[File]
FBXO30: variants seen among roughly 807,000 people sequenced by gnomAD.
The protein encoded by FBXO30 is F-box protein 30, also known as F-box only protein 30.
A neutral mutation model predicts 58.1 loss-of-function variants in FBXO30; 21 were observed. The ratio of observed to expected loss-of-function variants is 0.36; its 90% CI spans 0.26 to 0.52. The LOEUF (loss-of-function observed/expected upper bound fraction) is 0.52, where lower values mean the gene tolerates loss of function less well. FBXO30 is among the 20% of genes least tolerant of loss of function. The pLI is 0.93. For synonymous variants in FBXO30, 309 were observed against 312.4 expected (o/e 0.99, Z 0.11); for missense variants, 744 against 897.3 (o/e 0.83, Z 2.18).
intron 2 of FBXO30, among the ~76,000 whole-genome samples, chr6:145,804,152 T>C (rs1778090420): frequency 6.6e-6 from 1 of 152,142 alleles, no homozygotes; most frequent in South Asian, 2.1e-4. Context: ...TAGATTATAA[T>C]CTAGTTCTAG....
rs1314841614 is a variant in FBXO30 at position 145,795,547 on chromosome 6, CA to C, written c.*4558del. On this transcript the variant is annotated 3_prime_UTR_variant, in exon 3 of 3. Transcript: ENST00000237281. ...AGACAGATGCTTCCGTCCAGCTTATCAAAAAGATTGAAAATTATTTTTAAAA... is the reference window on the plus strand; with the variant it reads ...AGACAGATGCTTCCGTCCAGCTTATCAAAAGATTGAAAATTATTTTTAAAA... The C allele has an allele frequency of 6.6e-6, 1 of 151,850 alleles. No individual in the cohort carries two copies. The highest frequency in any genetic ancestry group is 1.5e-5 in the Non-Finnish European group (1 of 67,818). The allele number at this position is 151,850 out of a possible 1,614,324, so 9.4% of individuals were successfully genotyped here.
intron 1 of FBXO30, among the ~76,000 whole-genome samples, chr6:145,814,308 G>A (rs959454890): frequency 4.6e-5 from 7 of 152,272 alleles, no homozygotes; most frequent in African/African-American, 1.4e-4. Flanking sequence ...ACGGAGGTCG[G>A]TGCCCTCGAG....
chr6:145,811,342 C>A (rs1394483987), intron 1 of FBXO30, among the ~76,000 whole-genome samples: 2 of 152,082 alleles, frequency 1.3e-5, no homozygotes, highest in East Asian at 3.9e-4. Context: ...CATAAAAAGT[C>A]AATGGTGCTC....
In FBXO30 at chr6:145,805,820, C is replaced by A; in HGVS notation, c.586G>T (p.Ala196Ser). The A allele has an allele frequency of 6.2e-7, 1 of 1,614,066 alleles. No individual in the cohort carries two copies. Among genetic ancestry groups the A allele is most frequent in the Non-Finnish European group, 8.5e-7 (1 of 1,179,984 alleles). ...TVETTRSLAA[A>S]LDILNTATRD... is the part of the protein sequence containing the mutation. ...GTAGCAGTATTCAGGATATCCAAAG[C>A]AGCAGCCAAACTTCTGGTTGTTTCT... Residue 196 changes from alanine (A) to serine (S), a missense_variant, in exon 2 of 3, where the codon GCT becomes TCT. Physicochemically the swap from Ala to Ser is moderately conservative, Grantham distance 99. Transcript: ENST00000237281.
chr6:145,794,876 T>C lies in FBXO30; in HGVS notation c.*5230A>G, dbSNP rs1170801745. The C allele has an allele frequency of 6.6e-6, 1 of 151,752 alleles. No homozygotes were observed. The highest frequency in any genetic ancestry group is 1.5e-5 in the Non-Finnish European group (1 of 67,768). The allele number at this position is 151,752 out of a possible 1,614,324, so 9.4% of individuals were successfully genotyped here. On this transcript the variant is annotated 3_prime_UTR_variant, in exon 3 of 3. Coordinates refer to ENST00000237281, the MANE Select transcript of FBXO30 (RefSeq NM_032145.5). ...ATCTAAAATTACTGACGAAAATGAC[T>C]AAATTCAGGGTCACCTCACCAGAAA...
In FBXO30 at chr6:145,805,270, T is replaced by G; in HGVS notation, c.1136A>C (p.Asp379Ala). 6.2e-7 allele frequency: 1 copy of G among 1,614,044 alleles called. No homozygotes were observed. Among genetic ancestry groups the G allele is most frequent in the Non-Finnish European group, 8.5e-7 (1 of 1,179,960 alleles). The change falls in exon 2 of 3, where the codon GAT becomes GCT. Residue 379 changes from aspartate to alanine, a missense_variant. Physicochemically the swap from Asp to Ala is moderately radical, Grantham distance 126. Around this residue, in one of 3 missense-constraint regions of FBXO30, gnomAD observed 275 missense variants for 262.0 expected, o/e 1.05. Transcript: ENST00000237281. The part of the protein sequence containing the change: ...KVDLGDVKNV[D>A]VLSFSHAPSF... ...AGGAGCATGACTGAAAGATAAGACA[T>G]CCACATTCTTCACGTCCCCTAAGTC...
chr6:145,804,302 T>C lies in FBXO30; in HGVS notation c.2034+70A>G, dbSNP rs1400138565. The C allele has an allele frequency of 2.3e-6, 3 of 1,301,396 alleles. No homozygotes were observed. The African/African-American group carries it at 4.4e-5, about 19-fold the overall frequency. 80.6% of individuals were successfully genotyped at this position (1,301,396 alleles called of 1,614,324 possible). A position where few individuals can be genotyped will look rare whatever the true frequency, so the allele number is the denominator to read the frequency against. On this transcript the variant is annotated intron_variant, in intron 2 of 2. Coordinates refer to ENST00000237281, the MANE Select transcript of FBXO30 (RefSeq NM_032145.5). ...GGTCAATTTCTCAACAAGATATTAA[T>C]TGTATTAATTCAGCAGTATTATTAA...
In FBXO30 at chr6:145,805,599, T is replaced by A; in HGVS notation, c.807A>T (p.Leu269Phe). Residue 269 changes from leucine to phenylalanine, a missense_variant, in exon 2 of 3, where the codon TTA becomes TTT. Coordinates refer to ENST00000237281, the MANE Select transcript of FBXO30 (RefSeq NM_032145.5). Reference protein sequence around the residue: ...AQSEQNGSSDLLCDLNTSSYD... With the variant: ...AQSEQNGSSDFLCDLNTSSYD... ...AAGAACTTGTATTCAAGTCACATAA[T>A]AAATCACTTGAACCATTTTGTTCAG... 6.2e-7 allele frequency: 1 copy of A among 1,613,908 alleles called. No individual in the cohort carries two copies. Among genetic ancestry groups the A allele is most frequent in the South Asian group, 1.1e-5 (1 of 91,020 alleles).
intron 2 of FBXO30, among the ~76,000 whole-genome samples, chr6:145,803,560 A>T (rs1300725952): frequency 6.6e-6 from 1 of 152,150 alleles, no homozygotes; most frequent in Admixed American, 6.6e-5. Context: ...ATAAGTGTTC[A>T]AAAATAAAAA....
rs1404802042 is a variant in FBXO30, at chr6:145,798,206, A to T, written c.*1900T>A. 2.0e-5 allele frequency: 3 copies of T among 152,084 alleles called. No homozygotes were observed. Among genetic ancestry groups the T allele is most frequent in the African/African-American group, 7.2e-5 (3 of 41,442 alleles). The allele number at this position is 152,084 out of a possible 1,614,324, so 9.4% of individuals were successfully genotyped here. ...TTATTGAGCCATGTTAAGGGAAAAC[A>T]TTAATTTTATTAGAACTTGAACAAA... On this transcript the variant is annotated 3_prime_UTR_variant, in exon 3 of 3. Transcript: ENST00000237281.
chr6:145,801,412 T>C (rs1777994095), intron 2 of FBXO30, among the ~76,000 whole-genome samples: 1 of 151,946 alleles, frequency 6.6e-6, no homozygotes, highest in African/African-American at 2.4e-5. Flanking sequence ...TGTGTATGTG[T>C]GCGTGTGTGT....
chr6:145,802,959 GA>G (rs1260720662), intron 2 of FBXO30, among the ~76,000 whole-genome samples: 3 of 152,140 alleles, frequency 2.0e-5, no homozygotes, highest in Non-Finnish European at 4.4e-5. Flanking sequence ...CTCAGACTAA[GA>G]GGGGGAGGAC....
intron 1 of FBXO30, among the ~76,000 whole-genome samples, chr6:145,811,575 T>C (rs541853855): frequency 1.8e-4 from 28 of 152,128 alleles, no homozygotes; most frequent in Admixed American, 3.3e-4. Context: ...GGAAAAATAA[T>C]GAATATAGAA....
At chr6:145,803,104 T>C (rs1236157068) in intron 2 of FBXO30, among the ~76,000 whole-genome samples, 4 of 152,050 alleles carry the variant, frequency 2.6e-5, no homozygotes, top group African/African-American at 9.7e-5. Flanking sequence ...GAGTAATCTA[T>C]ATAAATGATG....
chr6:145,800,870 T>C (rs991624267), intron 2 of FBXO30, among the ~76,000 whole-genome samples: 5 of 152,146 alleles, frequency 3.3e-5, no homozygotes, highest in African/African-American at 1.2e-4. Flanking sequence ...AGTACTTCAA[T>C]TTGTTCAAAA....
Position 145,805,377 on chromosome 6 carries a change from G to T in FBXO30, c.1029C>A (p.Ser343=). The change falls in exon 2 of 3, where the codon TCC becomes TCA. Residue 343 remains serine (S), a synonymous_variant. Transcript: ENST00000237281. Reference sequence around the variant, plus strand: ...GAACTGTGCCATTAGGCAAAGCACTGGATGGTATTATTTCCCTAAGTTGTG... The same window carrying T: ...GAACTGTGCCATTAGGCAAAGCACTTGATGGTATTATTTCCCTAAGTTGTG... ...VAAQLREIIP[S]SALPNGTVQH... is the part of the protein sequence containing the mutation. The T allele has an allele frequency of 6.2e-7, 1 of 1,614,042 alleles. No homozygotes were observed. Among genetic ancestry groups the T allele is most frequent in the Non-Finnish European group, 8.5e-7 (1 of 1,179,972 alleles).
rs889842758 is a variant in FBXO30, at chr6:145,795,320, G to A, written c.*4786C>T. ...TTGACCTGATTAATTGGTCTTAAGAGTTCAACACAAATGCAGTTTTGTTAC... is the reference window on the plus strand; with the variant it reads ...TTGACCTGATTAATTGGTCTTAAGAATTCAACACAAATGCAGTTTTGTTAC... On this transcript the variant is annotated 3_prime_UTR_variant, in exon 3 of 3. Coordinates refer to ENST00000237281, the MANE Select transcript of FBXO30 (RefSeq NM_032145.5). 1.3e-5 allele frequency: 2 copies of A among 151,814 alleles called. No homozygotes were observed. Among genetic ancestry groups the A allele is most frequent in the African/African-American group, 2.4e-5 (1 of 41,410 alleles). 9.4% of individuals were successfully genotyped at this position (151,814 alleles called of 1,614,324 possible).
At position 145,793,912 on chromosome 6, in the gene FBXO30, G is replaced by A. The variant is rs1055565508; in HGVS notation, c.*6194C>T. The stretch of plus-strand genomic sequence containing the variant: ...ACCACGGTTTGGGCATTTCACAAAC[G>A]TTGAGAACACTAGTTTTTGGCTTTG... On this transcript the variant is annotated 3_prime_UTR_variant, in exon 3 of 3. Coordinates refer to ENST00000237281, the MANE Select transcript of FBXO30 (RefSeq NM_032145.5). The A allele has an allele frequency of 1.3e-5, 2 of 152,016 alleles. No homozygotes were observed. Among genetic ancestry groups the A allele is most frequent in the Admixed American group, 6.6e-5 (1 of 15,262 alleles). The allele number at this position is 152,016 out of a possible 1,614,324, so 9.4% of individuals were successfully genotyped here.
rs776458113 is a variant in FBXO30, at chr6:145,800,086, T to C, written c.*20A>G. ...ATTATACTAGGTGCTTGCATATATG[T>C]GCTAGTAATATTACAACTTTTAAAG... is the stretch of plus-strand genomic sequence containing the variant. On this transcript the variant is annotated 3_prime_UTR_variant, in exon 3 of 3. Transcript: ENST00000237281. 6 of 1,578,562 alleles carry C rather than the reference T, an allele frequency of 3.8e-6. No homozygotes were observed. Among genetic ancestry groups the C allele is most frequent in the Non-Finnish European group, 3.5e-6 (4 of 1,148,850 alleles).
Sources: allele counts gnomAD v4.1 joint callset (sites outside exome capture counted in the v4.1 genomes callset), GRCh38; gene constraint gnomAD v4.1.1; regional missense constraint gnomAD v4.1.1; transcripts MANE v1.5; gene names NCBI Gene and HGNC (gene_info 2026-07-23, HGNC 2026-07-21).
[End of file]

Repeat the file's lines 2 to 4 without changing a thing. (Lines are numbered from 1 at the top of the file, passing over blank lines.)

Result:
The protein encoded by FBXO30 is F-box protein 30, also known as F-box only protein 30.
A neutral mutation model predicts 58.1 loss-of-function variants in FBXO30; 21 were observed. The ratio of observed to expected loss-of-function variants is 0.36; its 90% CI spans 0.26 to 0.52. The LOEUF (loss-of-function observed/expected upper bound fraction) is 0.52, where lower values mean the gene tolerates loss of function less well. FBXO30 is among the 20% of genes least tolerant of loss of function. The pLI is 0.93. For synonymous variants in FBXO30, 309 were observed against 312.4 expected (o/e 0.99, Z 0.11); for missense variants, 744 against 897.3 (o/e 0.83, Z 2.18).
intron 2 of FBXO30, among the ~76,000 whole-genome samples, chr6:145,804,152 T>C (rs1778090420): frequency 6.6e-6 from 1 of 152,142 alleles, no homozygotes; most frequent in South Asian, 2.1e-4. Context: ...TAGATTATAA[T>C]CTAGTTCTAG....